Archaeologists have discovered two iron ship anchors off Mexico's Gulf Coast that could have belonged to Spaniard Hernan Cortes' fleet, which landed in 1519 before overthrowing the Aztec empire.
The well-preserved anchors were found on the ocean floor near the former Spanish settlement of Villa Rica in southeastern Veracruz state and resemble those made in the 1500s, Mexico's National Institute of Anthropology and History (INAH) said on Monday.
Cortes famously destroyed the ships he and his crew used to sail to Mexico, forcing his small army of treasure-hunters to march inland.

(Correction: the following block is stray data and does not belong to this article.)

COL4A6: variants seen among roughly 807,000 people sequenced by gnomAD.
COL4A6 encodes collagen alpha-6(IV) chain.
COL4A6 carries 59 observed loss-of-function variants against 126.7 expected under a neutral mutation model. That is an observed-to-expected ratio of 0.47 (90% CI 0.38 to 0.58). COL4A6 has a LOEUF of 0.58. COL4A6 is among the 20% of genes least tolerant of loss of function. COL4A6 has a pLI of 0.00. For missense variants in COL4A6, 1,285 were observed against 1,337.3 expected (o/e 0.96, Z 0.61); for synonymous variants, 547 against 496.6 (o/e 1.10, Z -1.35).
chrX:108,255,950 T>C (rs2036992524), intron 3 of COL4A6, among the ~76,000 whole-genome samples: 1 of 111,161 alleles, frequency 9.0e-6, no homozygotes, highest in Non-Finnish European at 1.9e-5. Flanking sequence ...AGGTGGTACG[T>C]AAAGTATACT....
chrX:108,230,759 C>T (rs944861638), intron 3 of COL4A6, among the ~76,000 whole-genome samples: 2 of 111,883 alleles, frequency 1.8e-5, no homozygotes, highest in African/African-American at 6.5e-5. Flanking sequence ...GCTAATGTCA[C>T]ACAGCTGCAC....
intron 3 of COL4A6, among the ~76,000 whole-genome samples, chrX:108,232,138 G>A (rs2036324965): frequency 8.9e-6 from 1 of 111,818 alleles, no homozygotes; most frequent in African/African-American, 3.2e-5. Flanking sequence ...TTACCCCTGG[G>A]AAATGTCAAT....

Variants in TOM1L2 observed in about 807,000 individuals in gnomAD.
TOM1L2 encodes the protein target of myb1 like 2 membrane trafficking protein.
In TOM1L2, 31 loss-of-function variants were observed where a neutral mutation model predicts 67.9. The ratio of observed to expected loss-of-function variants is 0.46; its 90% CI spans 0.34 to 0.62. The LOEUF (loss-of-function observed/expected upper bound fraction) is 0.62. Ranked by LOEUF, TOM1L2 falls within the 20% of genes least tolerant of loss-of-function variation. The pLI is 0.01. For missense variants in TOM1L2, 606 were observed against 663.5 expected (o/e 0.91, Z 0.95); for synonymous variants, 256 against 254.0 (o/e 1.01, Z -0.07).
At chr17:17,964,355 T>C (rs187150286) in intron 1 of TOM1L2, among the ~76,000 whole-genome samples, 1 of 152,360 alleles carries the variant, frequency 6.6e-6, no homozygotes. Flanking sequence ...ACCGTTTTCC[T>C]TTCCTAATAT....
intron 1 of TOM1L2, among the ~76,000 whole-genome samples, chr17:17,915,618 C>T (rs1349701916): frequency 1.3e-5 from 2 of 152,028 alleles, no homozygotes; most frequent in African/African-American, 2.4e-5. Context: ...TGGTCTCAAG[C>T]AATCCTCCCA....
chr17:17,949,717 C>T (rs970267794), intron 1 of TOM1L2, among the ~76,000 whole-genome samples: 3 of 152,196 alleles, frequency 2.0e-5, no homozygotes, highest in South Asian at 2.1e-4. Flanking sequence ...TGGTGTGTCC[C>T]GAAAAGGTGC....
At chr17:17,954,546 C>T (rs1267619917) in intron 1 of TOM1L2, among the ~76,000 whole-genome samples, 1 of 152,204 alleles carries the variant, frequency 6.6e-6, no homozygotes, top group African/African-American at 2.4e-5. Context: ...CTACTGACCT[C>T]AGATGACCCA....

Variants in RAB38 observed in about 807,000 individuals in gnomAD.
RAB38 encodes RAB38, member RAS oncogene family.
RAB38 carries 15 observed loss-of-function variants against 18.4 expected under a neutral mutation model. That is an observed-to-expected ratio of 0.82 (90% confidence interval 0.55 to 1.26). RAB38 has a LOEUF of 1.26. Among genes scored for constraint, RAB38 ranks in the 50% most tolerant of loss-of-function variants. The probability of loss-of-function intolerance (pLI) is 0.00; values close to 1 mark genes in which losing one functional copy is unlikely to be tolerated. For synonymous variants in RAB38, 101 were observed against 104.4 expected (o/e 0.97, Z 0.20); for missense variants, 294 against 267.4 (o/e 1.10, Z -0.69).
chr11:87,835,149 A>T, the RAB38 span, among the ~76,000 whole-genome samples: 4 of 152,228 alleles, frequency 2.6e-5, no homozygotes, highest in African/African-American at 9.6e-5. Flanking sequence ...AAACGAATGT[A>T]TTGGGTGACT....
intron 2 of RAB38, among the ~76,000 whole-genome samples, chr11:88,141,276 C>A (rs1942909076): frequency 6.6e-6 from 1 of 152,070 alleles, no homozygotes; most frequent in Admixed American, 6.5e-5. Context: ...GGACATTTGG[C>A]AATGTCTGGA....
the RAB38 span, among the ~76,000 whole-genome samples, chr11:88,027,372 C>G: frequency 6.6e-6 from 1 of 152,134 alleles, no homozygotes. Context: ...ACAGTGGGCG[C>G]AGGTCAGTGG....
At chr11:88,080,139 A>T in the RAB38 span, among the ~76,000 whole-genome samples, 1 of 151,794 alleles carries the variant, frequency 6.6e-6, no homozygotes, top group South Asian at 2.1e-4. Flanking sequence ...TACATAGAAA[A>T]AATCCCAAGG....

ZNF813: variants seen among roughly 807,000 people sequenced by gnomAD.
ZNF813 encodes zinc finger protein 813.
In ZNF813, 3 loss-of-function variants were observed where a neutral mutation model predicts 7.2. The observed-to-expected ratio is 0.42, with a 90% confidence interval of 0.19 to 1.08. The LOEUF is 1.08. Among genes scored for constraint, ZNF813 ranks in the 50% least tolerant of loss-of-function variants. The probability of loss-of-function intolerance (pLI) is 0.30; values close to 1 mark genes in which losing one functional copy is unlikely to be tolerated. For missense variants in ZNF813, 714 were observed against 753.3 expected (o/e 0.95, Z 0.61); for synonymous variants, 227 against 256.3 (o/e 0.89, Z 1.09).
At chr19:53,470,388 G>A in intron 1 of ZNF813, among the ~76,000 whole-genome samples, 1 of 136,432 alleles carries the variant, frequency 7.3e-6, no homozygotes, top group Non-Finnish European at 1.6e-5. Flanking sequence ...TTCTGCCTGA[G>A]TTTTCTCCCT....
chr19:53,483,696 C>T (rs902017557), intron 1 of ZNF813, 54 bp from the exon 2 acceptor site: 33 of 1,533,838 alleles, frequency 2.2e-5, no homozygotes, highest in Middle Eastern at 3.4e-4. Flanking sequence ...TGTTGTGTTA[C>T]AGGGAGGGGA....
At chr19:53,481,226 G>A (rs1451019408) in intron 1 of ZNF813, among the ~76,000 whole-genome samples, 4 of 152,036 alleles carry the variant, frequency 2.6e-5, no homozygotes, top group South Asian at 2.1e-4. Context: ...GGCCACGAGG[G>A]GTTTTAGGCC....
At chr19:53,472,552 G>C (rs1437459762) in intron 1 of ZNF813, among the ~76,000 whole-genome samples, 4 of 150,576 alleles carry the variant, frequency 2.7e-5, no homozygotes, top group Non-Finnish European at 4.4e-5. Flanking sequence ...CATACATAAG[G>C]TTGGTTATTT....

There is a widely-held misconception that Cortez burned his ships - potentially from an incorrect translation of a Latin telling of the story - however they were more likely sunk.
The latest discovery, along with an anchor believed to be from the 15th century that was found last year, has reassured archaeologists that they are on track to find more artifacts documenting the European invasion of Mexico.
They have identified 15 other sites that may also turn up anchors, which could help pinpoint the spot where other Spanish galleons under Cortes' command might have sunk and increase the odds of finding wooden hulls and other remnants.